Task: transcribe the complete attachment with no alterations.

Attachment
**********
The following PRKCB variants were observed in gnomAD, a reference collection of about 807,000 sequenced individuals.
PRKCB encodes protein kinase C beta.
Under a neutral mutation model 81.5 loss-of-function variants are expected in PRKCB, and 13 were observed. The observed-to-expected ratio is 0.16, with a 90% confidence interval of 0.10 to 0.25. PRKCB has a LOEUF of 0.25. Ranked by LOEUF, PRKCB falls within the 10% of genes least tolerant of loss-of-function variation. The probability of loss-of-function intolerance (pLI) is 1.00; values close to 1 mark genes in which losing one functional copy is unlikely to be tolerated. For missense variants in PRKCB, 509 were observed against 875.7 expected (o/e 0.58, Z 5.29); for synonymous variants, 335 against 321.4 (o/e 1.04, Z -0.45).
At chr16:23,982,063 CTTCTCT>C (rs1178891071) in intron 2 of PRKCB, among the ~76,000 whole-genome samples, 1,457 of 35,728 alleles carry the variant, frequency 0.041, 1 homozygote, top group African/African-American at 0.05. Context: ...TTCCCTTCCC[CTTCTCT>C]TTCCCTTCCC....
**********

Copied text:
The following PRKCB variants were observed in gnomAD, a reference collection of about 807,000 sequenced individuals.
PRKCB encodes protein kinase C beta.
Under a neutral mutation model 81.5 loss-of-function variants are expected in PRKCB, and 13 were observed. The observed-to-expected ratio is 0.16, with a 90% confidence interval of 0.10 to 0.25. PRKCB has a LOEUF of 0.25. Ranked by LOEUF, PRKCB falls within the 10% of genes least tolerant of loss-of-function variation. The probability of loss-of-function intolerance (pLI) is 1.00; values close to 1 mark genes in which losing one functional copy is unlikely to be tolerated. For missense variants in PRKCB, 509 were observed against 875.7 expected (o/e 0.58, Z 5.29); for synonymous variants, 335 against 321.4 (o/e 1.04, Z -0.45).
At chr16:23,982,063 CTTCTCT>C (rs1178891071) in intron 2 of PRKCB, among the ~76,000 whole-genome samples, 1,457 of 35,728 alleles carry the variant, frequency 0.041, 1 homozygote, top group African/African-American at 0.05. Context: ...TTCCCTTCCC[CTTCTCT>C]TTCCCTTCCC....